By Don Heckman
Studio City, CA. The stage setting for Cheryl Bentyne’s performance at Vitello’s Friday night seemed surprisingly spare. An acoustic bass and a music stand on the left, a pair of guitars and a music stand on the right, and a stool and a vocal mic in the middle.
That was it. “Up Close & Personal” was the title Cheryl gave her performance. And it was right on target: Kevin Axt on bass, Wayne Johnson on guitar, and Cheryl in the center. No drums, no piano, no horns. None of which were needed in two sets of exquisite songs performed with intimate lyrical and musical clarity. One couldn’t have asked for more.
A multiple Grammy-winning member of the Manhattan Transfer, Cheryl has long been drawn to a far-ranging collection of material, with the Transfer, as well as her superb solo performances. And on this magical evening, her choices combined to illuminate a gallery of what might best be described as contemporary art song.
Several familiar standards – “Love For Sale,” “I’m A Fool To Want You” and “It Might As Well Be Spring” — book-ended the evening with Cheryl’s convincing interpretations.
Her versatility surfaced with more pop oriented songs from Nelly MacKay, k.d. lang, Lennon & McCartney, Leonard Cohen, Melody Gardot and Patricia Barber. And Cheryl displayed her jazz perspectives with Horace Silver’s “Senor Blues,” Matt Dennis’ “Angel Eyes” and Landesman/Wolf’s “Spring Can Really Hang You Up The Most.”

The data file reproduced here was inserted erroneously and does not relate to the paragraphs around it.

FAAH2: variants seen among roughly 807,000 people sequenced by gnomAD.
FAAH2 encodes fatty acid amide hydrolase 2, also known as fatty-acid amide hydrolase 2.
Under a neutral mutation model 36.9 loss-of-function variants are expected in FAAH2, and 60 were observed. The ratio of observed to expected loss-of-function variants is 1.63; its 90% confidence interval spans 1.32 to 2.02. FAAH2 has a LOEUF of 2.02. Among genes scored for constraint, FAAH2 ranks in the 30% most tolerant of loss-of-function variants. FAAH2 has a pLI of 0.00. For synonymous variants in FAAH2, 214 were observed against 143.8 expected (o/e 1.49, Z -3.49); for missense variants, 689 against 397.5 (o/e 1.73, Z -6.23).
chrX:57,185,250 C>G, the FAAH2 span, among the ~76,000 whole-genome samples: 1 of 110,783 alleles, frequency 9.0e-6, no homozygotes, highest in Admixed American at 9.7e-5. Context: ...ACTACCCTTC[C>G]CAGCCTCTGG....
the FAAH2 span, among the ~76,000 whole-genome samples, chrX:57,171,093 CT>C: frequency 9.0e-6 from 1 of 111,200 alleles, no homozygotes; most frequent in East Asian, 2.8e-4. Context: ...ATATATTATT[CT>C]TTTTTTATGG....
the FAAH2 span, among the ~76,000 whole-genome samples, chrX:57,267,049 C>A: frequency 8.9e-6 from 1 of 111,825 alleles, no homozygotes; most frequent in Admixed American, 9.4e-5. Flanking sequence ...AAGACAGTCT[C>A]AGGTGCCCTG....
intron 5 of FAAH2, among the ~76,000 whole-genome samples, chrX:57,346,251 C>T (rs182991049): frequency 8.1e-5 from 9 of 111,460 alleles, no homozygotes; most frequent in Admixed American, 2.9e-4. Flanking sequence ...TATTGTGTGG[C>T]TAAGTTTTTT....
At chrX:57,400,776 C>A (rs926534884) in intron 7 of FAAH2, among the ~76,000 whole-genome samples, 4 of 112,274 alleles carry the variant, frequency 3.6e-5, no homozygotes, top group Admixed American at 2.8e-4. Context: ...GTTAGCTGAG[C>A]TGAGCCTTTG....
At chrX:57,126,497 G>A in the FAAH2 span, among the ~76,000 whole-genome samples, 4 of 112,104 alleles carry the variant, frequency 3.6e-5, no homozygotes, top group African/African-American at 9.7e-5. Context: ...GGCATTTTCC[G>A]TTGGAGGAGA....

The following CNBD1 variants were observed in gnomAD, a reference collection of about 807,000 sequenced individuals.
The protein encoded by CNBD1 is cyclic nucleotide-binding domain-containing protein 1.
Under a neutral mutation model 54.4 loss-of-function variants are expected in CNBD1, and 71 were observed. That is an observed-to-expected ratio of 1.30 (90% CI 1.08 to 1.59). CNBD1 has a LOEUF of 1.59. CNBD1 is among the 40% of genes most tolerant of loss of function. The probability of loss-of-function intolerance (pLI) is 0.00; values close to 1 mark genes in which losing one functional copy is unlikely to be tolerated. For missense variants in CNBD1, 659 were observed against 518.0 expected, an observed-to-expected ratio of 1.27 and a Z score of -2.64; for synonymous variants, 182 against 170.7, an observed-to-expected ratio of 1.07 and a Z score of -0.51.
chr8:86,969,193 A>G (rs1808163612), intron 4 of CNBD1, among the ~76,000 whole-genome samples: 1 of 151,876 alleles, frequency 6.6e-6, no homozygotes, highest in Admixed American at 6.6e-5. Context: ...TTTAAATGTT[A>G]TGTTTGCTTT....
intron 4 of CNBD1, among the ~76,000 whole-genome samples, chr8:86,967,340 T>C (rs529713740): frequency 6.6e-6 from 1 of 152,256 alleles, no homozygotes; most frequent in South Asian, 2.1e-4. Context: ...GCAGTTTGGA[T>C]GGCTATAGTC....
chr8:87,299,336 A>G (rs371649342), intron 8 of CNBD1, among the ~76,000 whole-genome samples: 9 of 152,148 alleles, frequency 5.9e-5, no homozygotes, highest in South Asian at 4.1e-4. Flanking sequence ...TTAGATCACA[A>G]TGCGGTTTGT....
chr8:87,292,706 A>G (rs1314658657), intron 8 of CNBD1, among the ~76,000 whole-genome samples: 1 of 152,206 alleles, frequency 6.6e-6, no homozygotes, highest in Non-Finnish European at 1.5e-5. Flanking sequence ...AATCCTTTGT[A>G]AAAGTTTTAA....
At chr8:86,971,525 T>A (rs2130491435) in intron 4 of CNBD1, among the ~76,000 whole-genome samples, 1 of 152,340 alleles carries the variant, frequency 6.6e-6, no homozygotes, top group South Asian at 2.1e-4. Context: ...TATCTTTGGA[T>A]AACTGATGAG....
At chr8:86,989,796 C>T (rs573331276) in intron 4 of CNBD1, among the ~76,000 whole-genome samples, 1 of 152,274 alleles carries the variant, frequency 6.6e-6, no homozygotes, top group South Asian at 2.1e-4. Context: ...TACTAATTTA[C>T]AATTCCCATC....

As if that wasn’t a fully adequate expression of her versatility, Cheryl also included several lush film melodies by Ennio Morriconne, enhanced by her own lyrics.
Each tune was supported – often in brilliantly spontaneous fashion – by the stirring contributions of Axt and Johnson. And, in addition to their keenly balanced backing, they offered inventive solo passages.
Ultimately, of course, even the most appealing program of songs – no matter how eclectic – calls for convincing vocal interpretations. And Cheryl’s readings, with their rich musicality, reached into the inner heart of everything she sang.
She is, seemingly by nature as well as skill, a dramatic performing artist. Whether she was swinging her way through “Senor Blues,” capturing the deep intimacies of the Cohen and Barber songs, as well as her Morriconne collaborations, or telling her sometimes jocular between-songs remarks, she was utterly captivating.
By the time Cheryl concluded the long embraces of her two sets of songs, the only thing missing was perhaps another word to add to the program’s title. It might more accurately have said “Up Close, Musical & Personal.”
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Photos by Faith Frenz.